Golden Mummies : Mummified body of a woman

Golden Mummies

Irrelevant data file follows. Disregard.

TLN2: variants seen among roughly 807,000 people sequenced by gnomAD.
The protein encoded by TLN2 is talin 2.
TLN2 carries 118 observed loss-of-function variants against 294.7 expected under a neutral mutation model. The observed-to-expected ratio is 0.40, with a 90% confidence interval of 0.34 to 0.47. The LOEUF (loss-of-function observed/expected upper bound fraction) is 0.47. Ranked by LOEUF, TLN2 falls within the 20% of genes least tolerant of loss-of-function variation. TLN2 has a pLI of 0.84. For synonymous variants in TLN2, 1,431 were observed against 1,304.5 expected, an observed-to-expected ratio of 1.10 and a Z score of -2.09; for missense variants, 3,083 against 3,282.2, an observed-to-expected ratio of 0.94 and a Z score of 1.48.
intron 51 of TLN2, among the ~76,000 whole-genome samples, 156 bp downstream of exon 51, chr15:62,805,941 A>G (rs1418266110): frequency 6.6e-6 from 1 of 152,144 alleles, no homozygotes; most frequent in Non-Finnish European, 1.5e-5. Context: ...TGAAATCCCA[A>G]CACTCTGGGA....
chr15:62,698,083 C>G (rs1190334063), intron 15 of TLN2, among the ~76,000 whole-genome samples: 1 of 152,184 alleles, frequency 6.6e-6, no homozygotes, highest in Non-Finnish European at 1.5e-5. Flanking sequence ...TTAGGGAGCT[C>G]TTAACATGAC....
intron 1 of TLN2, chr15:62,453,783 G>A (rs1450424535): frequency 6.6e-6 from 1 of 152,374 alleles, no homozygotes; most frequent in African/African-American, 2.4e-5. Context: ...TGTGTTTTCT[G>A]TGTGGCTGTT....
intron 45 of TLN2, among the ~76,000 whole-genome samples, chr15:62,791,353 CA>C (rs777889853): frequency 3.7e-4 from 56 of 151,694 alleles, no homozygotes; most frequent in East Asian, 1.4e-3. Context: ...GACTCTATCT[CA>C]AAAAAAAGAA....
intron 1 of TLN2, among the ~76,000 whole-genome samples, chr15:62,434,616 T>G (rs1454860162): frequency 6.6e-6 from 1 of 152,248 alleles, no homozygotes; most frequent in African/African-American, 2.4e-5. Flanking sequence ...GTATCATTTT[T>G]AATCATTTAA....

<p style='text-align: justify;'>Mummified body of a woman called Isaious. The name of the lady is written in Greek at the top of the cartonnage mask and was previously interpreted as Demetria. A more recent reading has instead suggested: ‘Isaious (or Isarous) daughter of Demetrios’ (Ἰσαι̣οῦς Δημη[τρίου]). The face and upper part of the head of the mask were found damaged upon discovery and have been restored in the early Twentieth Century by staff at Manchester Museum.</p><p style='text-align: justify;'></p><p style='text-align: justify;'>The gilded mask shows the deceased with a Roman hairstyle and jewellery, but is surrounded on its back, sides and lower sections with pharaonic motifs. The unusually well-preserved outer shroud carries scenes of Egyptian gods and hieroglyphs. These include standard elements: the broad floral collar; the scene of the mummified body of a lion headed bed, tended by the jackal-headed deity Anubis (note that the canopic jars depicted beneath the bed are a complete fiction at this period, the practice of including them having died out centuries before); and finally a scene of ritual purification, where the deceased (shown in standard pharaonic style for an elite woman) is shown between the gods Thoth and Horus – a common motif for the Pharaoh on Graeco-Roman temples.</p><p style='text-align: justify;'>The cartonnage footcase shows the gilded toes, emerging from the wrappings – a sign of the divine status of the deceased. Underneath is a particularly well-preserved scene of two male figures, naked and bound – the enemies of the deceased being trampled.</p><p style='text-align: justify;'>This mixture of Greek, Roman and Egyptian features are typical of multicultural expectations of the afterlife in Graeco-Roman Period Egypt.</p><p style='text-align: justify;'>The body was CT-scanned at Manchester Children's Hospital on 31/1/13.</p>

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